The former League of Nations, so hardly used and found to be inadequate for the tasks it attempted, will be replaced by a far stronger body in which the United States will play a vitally important part. It will embody much of the structure and characteristics of its predecessor. All the work that was done in the past, all the experience that has been gathered by the working of the League of Nations, will not be cast away, but the new body will differ from it in the essential point that it will not shrink from establishing its will against the evil-doer, or evil-planner, in good time and by force of arms. This organisation, which is capable of continuous progress and development, is at any rate appropriate to the phase into which the world will enter after our present enemies have been beaten down, and we may have good hopes, and, more than hopes, a resolute determination that it will shield humanity from a third renewal of its agonies. 'We have all been made aware in the interval between the two world wars of the weaknesses of international bodies, whose work is seriously complicated by the misfortunne which occurred in the building of the Tower of Babel. Taught by bitter experience we hope now to make the world conscious of the strength of the new instrument and of the protection which it will be able to afford to all who wish to dwell at peace within their habitations.

This new world structure will, from the outset and in all parts of its work, be aided to the utmost by the ordinary channels of friendly diplomatic intercourse, which it in no way supersedes. For our part, we are determined to do all in our power to ensure the success of the Conference. On such an occasion it is clearly right that the two leading Parties in His Majesty's Government and in the British nation should be represented and all Parties bound for the future in these decisions. I am glad to inform the House that His Majesty's chief representatives at this Conference will be my right hon. Friend the Secretary of State for Foreign Affairs, and the Lord President of the Council, the Leader of the Labour Party. I am most anxious that this principle should be established even in what are perhaps the closing stages of this memorable coalition. I am anxious that all Parties should be united in this new instrument, so that these supreme affairs shall be, in Mr. Gladstone's words, "high and dry above the ebb and flow of party politics." I confess that I have not verified that quotation, and I ask for all indulgence if I should be proved to have made any slip.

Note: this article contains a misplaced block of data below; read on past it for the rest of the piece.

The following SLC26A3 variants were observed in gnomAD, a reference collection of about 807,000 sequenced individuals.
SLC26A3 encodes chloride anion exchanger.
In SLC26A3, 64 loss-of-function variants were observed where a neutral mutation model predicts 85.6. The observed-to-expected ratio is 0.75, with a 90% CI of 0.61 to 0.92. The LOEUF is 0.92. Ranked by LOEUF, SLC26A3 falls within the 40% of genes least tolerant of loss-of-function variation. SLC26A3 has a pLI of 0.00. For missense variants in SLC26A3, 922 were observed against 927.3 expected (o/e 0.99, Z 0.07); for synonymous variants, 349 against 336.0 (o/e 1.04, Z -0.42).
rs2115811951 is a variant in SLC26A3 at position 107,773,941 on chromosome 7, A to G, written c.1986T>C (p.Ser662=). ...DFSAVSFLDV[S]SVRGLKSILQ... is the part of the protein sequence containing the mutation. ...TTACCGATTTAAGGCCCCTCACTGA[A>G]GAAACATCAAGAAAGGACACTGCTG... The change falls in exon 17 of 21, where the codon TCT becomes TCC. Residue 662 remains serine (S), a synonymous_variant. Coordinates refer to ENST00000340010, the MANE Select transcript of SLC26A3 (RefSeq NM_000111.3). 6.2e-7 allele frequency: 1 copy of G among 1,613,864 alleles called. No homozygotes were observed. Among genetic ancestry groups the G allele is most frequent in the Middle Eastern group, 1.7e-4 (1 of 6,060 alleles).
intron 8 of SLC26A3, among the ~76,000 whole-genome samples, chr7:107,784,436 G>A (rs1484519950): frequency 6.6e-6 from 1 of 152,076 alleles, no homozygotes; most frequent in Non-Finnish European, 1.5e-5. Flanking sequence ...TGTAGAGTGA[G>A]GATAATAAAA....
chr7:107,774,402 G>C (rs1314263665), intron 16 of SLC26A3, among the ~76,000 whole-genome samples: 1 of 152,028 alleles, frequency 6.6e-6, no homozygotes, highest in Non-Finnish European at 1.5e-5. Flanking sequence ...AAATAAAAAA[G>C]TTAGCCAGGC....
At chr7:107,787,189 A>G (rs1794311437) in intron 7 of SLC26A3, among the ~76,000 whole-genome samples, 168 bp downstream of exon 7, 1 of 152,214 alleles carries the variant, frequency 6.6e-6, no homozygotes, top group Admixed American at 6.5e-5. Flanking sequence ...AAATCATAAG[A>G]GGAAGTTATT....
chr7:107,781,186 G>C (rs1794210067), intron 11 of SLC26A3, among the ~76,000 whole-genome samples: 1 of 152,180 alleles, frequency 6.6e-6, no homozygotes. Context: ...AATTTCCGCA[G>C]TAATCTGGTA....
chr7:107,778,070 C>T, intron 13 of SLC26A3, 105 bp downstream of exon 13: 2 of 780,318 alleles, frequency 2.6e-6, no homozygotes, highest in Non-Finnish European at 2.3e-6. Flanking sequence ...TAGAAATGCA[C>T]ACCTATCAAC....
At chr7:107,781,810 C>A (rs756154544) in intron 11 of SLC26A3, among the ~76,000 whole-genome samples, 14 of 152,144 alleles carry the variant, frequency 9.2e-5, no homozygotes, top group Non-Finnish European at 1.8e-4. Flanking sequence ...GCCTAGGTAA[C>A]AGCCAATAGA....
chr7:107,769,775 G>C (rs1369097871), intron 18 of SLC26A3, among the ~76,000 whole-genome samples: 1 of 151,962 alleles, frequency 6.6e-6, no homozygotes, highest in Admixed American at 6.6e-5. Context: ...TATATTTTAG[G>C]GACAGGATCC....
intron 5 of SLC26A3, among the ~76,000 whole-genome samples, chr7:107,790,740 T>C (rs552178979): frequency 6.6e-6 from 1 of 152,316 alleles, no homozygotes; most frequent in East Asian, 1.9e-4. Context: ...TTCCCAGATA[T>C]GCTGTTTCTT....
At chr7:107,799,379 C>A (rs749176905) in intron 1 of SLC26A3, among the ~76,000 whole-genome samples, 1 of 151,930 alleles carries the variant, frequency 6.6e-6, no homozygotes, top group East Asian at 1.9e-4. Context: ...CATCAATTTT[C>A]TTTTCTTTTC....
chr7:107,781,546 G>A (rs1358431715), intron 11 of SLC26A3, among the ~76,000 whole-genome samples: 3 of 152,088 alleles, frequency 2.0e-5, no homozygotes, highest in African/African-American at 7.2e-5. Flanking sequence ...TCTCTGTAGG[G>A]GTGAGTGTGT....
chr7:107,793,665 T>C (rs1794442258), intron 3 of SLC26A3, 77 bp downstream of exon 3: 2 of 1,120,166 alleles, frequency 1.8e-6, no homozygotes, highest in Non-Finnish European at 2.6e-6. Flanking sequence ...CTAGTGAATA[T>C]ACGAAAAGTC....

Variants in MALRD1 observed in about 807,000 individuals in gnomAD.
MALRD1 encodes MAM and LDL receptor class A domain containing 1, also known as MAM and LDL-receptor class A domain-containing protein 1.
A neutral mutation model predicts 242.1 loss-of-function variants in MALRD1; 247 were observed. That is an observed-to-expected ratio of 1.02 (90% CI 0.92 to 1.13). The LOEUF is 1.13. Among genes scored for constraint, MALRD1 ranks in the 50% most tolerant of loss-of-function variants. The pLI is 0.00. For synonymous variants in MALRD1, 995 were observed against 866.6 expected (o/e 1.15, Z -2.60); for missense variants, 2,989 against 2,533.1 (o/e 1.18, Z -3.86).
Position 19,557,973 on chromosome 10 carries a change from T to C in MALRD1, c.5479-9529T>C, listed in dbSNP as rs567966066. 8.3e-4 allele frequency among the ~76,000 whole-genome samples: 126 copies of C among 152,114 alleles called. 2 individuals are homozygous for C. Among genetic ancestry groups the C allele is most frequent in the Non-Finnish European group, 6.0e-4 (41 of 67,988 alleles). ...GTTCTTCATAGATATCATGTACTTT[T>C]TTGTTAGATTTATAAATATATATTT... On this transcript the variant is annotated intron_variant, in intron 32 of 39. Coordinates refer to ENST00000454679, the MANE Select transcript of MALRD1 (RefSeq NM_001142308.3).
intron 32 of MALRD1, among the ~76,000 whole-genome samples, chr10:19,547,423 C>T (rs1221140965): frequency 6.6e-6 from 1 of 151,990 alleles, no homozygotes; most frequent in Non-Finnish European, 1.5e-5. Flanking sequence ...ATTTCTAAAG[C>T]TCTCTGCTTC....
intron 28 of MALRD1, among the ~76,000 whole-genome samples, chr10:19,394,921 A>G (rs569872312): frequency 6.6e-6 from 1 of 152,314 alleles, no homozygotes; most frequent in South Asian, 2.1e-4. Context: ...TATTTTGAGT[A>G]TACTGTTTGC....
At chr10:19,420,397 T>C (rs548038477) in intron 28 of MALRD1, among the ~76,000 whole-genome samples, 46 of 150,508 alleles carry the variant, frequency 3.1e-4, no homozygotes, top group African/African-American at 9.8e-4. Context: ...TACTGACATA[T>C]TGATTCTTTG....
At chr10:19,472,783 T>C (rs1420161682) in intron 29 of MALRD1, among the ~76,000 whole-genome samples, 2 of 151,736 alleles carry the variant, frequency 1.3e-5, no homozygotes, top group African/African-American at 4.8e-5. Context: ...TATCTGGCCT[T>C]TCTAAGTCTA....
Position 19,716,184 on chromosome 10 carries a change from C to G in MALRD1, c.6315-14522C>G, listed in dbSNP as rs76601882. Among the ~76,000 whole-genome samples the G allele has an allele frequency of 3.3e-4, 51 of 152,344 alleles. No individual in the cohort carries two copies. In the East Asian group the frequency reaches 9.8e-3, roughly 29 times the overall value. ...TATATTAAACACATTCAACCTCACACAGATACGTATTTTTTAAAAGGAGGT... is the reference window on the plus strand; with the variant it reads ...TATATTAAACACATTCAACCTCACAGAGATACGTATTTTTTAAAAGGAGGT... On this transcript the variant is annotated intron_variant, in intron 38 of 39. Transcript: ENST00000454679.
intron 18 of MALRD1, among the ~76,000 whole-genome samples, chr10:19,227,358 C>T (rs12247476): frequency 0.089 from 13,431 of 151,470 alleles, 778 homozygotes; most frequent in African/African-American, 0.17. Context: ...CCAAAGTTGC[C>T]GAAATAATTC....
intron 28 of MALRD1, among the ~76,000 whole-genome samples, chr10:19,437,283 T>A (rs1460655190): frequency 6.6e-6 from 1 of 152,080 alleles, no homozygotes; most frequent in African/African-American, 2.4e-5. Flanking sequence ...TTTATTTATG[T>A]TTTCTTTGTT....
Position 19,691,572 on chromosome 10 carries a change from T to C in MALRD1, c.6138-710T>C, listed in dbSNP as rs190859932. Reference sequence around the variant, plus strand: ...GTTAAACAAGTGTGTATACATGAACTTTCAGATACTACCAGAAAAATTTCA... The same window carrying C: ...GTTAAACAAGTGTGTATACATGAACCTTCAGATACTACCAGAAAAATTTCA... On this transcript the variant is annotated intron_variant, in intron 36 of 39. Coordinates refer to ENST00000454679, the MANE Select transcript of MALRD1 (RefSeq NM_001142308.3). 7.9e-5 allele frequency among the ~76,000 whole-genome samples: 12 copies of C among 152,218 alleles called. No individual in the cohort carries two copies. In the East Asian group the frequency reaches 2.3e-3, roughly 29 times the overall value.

The Crimea Conference finds the Allies more closely united than ever before, both in the military and in the political sphere. Let Germany recognise that it is futile to hope for division among the Allies and that nothing can avert her utter defeat. Further resistance will only be the cause of needless suffering. The Allies are resolved that Germany shall be totally disarmed, that Nazism and militarism in Germany shall be destroyed, that war criminals shall be justly and swiftly punished, that all German industry capable of military production shall be eliminated or controlled, and that Germany shall make compensation in kind to the utmost of her ability for damage done to Allied Nations. On the other hand, it is not the purpose of the Allies to destroy the people of Germany, or leave them without the necessary means of subsistence. Our policy is not revenge; it is to take such measures as may be necessary to secure the future peace and safety of the world. There will be a place one day for Germans in the comity of nations, but only when all traces of Nazism and militarism have been effectively and finally extirpated.